Indiana Gazette from Indiana, Pennsylvania on September 18, 1990 · Page 12
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Indiana Gazette from Indiana, Pennsylvania · Page 12

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Indiana, Pennsylvania
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Tuesday, September 18, 1990
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Page 12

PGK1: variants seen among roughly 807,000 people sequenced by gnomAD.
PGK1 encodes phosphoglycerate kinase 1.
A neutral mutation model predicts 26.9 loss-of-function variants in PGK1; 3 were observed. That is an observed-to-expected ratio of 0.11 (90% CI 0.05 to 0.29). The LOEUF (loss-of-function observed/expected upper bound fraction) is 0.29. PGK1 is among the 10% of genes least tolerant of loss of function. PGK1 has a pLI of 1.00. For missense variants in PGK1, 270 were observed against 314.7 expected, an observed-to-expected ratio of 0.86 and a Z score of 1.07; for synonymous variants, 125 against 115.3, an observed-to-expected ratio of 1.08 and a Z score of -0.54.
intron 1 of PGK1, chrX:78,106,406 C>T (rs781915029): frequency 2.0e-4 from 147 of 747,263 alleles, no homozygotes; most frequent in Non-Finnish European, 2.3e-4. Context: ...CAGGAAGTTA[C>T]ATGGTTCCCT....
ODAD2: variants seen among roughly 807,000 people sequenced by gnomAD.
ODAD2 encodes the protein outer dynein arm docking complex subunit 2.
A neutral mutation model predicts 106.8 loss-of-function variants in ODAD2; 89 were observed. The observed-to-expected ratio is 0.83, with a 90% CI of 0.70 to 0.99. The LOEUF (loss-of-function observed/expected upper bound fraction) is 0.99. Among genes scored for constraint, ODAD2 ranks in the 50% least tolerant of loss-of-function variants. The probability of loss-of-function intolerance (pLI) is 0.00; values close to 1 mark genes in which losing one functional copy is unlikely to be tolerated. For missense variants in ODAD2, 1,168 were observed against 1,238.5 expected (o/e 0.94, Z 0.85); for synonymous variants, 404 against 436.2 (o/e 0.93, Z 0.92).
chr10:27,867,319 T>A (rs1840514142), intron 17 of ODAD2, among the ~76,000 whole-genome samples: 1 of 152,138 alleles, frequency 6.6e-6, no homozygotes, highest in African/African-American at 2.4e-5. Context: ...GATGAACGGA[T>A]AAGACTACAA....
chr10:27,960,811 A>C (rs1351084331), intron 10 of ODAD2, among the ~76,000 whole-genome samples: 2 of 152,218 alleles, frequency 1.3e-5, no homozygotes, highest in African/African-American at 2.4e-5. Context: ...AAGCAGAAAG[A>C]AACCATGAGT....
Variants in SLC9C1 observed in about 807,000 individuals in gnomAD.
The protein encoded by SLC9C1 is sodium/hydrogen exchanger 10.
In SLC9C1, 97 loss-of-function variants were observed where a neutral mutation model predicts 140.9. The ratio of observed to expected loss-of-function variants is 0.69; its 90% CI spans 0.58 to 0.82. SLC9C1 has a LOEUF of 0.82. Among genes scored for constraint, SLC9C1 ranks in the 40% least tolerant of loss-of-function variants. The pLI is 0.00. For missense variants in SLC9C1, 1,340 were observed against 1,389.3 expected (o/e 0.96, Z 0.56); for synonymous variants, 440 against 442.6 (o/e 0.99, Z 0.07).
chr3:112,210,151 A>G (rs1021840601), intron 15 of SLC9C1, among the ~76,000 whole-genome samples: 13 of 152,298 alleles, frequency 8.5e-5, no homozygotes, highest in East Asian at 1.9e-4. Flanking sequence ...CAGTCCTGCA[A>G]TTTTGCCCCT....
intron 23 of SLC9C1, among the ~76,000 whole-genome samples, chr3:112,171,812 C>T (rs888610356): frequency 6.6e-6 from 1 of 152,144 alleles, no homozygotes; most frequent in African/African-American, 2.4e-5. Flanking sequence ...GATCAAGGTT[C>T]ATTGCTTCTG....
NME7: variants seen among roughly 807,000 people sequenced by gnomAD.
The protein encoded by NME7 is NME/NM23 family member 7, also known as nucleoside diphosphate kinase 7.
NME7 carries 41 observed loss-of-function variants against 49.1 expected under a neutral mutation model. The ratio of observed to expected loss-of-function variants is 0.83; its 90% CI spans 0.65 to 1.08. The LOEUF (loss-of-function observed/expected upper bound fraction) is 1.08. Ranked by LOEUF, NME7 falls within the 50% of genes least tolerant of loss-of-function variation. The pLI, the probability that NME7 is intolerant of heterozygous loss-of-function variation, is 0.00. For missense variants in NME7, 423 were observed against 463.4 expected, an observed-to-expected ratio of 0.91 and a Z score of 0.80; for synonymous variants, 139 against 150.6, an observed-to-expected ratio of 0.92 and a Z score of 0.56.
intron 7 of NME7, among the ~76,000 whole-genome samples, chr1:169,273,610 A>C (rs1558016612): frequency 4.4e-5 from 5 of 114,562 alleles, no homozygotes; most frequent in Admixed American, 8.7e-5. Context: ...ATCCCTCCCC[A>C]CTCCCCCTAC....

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Friday, September 19,2003 FAMILY Page 12 Coming events Silver and Gold Club Will hold a luncheon Wednesday from 11:30 a.m. to 3 p.m. in Podowski Hall at St. Louis Church in Homer City. Anyone over 50 years of age is welcome. Joe Traynor from Beacon Ridge will speak on the subject "Five Wishes — A Living Will." Indiana County Fox and Coon Club Will meet Tuesday at 6:30 p.m. at the club house on Ramsey Run Road. Herb Study Group of Indiana County Will meet Tuesday at 6 p.m. at Georgette Syster's home in Nolo. Mary Hunt Everyday Cheapskate DEAR MARY: I recently became the costume curator for a theater company and inherited a huge problem. Many of the costumes, including vintage gowns, hats, shoes, WWI woolens and newer synthetics, were previously stored in a damp basement garage. Consequently, everything has badly suffered from varying degrees of mildew. Is there anything that will clean mildew and kill the odor? We have dried some things in the sun, sprayed Fabreze on others. Dry clean- v ing would be the next sWp for those items we cannot latin? der. Some volunteers are helping with mild bleach solutions.— Kevin R, Iowa DEAR KEVIN: My only experience with severe mildew was when my good Battenberg lace tablecloths and napkins got sealed (while still wet) in a black plastic trash bag for an entire week. By the time I discovered them, I had matching black polka-dot linens. In desperation, I performed the only trick I knew to deal with severe laundry stains of any kind: I saturated all the stains with Soilove (an amazing and cheap laundry soil and stain remover sold in supermarkets in California and Arizona). Then I filled the washing machine with hot water, 1 cup Super Washing Soda (also found in the supermarket laundry aisle), 1 cup Cascade automatic dishwashing powder, 'n 2 cup Tide, plus an entire bottle of Soilove. I loaded in all the items, let them agitate for a few minutes (believe me, I was agitated, too) and turned the machine off to let them soak overnight. In the morning, [ washed them as usual. Everything came out spotless and sparkling white. While that may sound like a severe treatment, I don't believe it is as potentially damaging as liquid bleach. You might want to try this, as a last resort, on those items that can be laundered. I'm quite certain that if you can get rid of the mildew, you'll be rid of the odor as well. I have a feeling I'm going to get lots of input on this one. When I do, I'll let you know, hi the meantime, I have arranged for America's Finest Products, manufacturers of Soilove, to rush you a case of their amazing laundry stain treatment. While it can be found for only 99 cents for a 16-ounce botde here in southern California, I'm certain that in Iowa it's like pure gold because of its scarcity. Guard it with your life. (America's Finest does mail order Soilove, but it's not cheap to ship; you can reach them at 800-482-6555.) You can e-mail questions or tips at cheapskate@unitedme- dia.com or Everyday Cheapskate, P.O. Box 2135 Paramount, CA 90723. All correspondence becomes the property of Cheapskate Monthly. Newspaper Enterprise Assn. Annual luncheon The Indiana County Nurses 3 Association will hold its annual \ luncheon Friday, Oct. 3, at the - Indiana Country Club. ",'- The luncheon is,open to all ^ registered nurses. . l ,, ! Jhe social hour will begin * ,y^,| :30 a.m., and lunch will be .* _V sefved at, noon. >, '"/' ,Tp make reservations, cali , I V Patricia Drey, at (724) 726- <" * ? ' r ^ '•* "^Pictured are, from left,, ,' luncheon committee members ; .tpveryn Mihso, Dolores Taylor, , Committee membferis, Betty Bier ^ and jCarmeIJa Gary were absent ,frbm the photo. "" ' ' \ s ^ ' ' ' ^ ""'',""•' , (Gazette photo 'I ',"'-"' /" . by Tom Peel) * Jubilee plays host to many events The annual Avonmore Jubilee will be held Saturday and Sunday. Unless accompanied by a time, the events will be ongoing throughout the day. The schedule: Saturday 11 a.m. to 1 p.m. — DJ Julie on stage Noon to 6 p.m. — Craft show at Guy's Tavern Banquet Room Noon —Tattoo party at My Buddy's Place 1 p.m. — Parade and car cruise 2 to 4 p.m. —Avonmore Jubilee Station Post Office cancellation stamp at the Civic Center 2 to 4 p.m. — Free Avonmore Lifesavers blood-pressure testing at the playground 4 to 7 p.m. — Cancer benefit ham dinner for Pastor Phil May at the Civic Center 4 to 6:30 p.m. — Barn Hill on stage 7 to 9 p.m. — Ray Skovenski on stage 9 p.m. to 1 a.m. — ZMW at the Polish Club 9 p.m. to 1 a.m. — DJ Mark at The Village Tavern Kids' scavenger hunt at the softball field Moon walk Bingo at the Catholic church Electric train display at fire hall Voting for Avonmore's princess at the ticket booth Indian display with Alan Peterson at the Civic Center Sunday Noon to 6 p.m. — Craft show at Guy's Tavern Banquet Room 2 to 4 p.m. — Martin Lasher Antique Road Show in the Historical Building 2 to 4 p.m. •—Avonmore Jubilee Station Post Office cancellation stamp at the Civic Center 2 to 4 p.m. — Free Avonmore Lifesavers blood-pressure testing at the playground 4:45 p.m. —Avonmore Jubilee Princess and UT Princess pageant on stage 6 p.m.—Church services 6 p.m. — Chester Jonczak, one-man band 5 to 9 p.m. — Dream Catcher at the Italian Club 6 p.m. to midnight — Karaoke at My Buddy's Place Kids' picnic games at the softball field Rainbow Express train Bingo at the Catholic church Voting for Avonmore's princess at the ticket booth Electric train display at the fire hall Beating the odds •fife .W^^ • " • .*2»5 StiiSent {becomes first in family to go to college By STEVE GIEGERICH AP Education Writer KUTZTOWN, Pa. —The campus orientation session at Kutztown University wasn't going well. None of the 20-odd students slouched on benches outside the student union wanted to share much about themselves • — one freshman even refused to give her name. Finally, a young man with intense, brown eyes and a white doo rag pulled tight across his skull stepped up. "My name is Victor Nivar," he said in a strong, confident voice. "My major is psychology, I'm excited to get it done, and I want to get started." Victor, 18, has been doing what needed to be done for a long time. It's how he has overcome obstacles unimaginably more daunting than an awkward silence to be come the first person in his family to enter college. This is a young man who saw his father slain, whose family has struggled on the edge of poverty, and yet who still earned grades that were good enough to win him an acceptance letter. Nonetheless, he couldn't have made it this far — from the Bronx to Bethlehem to the expansive Kutztown campus in southeastern Pennsylvania — without three people: his mother, a teacher and an admissions counselor. It's also their dream that Victor is fulfilling, perhaps even more than his own. It's a vision that Priscila Martinez, Victor's mother, has for his younger brothers and sister, too. "I want them to be able to stand by themselves," she said. Exact figures on the number of first generation students who are part of this year's college freshmen class are not tracked. Educators say it is clearly a number in the tens of thousands of the estimated 1.4 million who started college this fall. However, statistics indicate that Victor is emblematic of today's first-to-college students and the hurdles they face making it to graduation. He was born to a Puerto Rican mother and a Dominican father, and his enrollment exemplifies a College Board finding that, among Hispanics and blacks who graduated last spring from high school and took the SAT exam, more than 50 percent aspired to be the first in their family to attend college. (By comparison, only 31 percent of the white test-takers would be the first to attend college.) A U.S. Department of Education study found that first-generation students generally come from low-income families and received their high school diplomas from academically challenged schools in poorer districts. Their dropout rate is higher than that of students whose parents earned a bachelor's degree. Again, Victor's life reflects those findings. His mother is a factory worker supporting four children on a Carlos Ojeda Jr., left, a former admissions officer at Kutztown University in Kutztown, Pa., helped Victor Nivar realize his dreams. (AP photo) $12.55-an-hour job packing bulk spices for pizza parlors. She raises her family in Bethlehem, a community with schools and an infrastructure devastated by the economic decline of Bethlehem Steel. Despite financial aid, scholarships and a work-study program that will go toward his $10,786 bill for tuition, room and board over the next year, the ability to cover book costs and other miscellaneous expenses weighed heavily on Victor in the days before his departure for Kutztown. "I'm not worried about flunking out. I know I'm not going to go to a party the night before an exam and miss a test I'm not like that," he said. "I just don't know how I'm going to pay for it." Always frugal, his mother scrimped and saved in order to move her family last year from a housing project and into their own home in south Bethlehem. The address may have changed, but Priscila Martinez's edict remains intact: Until every homework assignment is completed, the television remains silent and dinner is left unserved. Now 38, she was 17 when she moved from Puerto Rico to the Bronx. It was there, on the day she dropped out of high school, that she met a young man —Victor Nivar. On the day the younger Victor started sixth grade in 1996, his father was involved in, a scuffle during a pickup basketball game. As the entire family left their apartment building that evening, Nivars antagonist suddenly emerged from behind a' trash can, knife in hand, and attacked him. Nivar died of stab wounds at a hospital. The elder Nivar died without an insurance policy, Social Security or a pension. Martinez was left with nothing. "Just my four kids," she said. When he talks about his father's .death, Victor is circumspect. "I can't blame anybody,''he said quietly. "Things happen." Despite working two jobs to help his mother support the family, he maintained a 2.9 grade point average. Still, tired of the classroom, Victor figured his formal education would end with a high school diploma. To appease Staples and his mother — who used the GED she obtained while working- full-time as inspiration — Victor started studying college catalogues during his junior year. He signed up to take the SAT. Then the third leg of the platform that , would launch him into college entered Victor's life: Carlos Ojeda. Like Victor, Ojeda was a first-generation college student And like Victor, he overcame an unspeakable loss — the death of his 18-month-old son. Credited with helping to boost Kutztown University's minority enrollment from 5 percent to 16 percent in three years, Ojeda had his first encounter with Victor during a recruiting visit .to Liberty High School. A former admissions officer who this summer J :shifte£ to the classroom to teach business courses, the 28-year-old Ojeda used his life story to attract minority students, especially Hispanics, to Kutztown. Even the addition of Ojeda's voice to those of Staples and Martinez wasn't enough to fully convince Victor that he'd be filling out an application at the start of his senior year, "Did I want to spend another four years in school? And pay for it?" Victor wondered. Returning from a family vacation in the waning days before the start of his senior year, Victor announced his decision. "I just looked at my mom," he recalled, "And I said, 'Mom, I'm going.'" Remembering the moment a year later, Priscila triumphantly poked Victor in the arm: "I knew it," she smiled, proudly. "I knew it before he believed it." . Club news Members qualify for state show Ten Indiana County 4-H horse members have qualified 13 an • mals for ;the .State- 4-H Horsie Production" Show to be held m Harrisburg in October. Member^ qualified by winning a blue riS- bon at an area horse production show. A total of 17 county members exhibited 26 horses at area shows. Members eligible for State Show and their classes include Brianna Robertson, Arabian 2- year-old gelding; Amanda Rogerson, miniature horse yearling filly; Alissa Oliver, Morgan 2- year-old filly; Katie Tidwell, paint colt/gelding of this year; Samantha Krall, paint filly, of this year; Josie •Tidwell, pint'o year-. ling fillyfToe Risinger; "quarter- horse yearling colt and paint 2- year-old filly; Josh Risinger, quarterhorse filly of this year and stock type horse yearling gelding; Stacie Domer, Tennessee walking horse 2-year-old geldr ing and hunter-type horse yearling gelding, and Ashley Brooks, draft type horse colt/gelding of this year. Stacie Domer also won a blue ribbon in the English pleasure 2-year-old futurity, which is not a state class. Other members attending the show and winning red ribbons were Amanda Risinger, minia,- ture horse yearling colt ana yearling filly; Amanda Rogerson, miniature horse yearling coi$ Amy Clevenger, paint filly of this year; Meliah Brooks, paint yearling filly; Samantha Krall, pain,'t yearling filly; Ashley Brooks, pinto yearling gelding; Sarah Simms, pinto 2-year-old filly and English pleasure 3-year-ol^ futurity; Katie Dixon, stock typje horse yearling gelding; Emilea Rippin, English pleasure 3-year- old futurity; arid Heather Wil 1 son, Western pleasure 4-year- old futurity. The purpose of the horse production program is for 4-H members to work with brood mares and raise and train young horses. The southwest area show was hosted by Winterfield Farms and Connie Winters, 90th birthday PEARL ORR ... Home ... Pearl Orr, of Home, will celebrate her 30 th birthday Saturday Bom Sept. 20, 1913, Mrs. Orr has four children: Thomas Lutz', Donald Lutz, Dorothy Burkeft and Janet Harper; 11 grandchil'- dren; 18 great-grandchildreiif; and eight great-, great-grandchildren. ; | She has lived in the Home area most of her life and would enjoy hearing from her friends and reH atives for her birthday '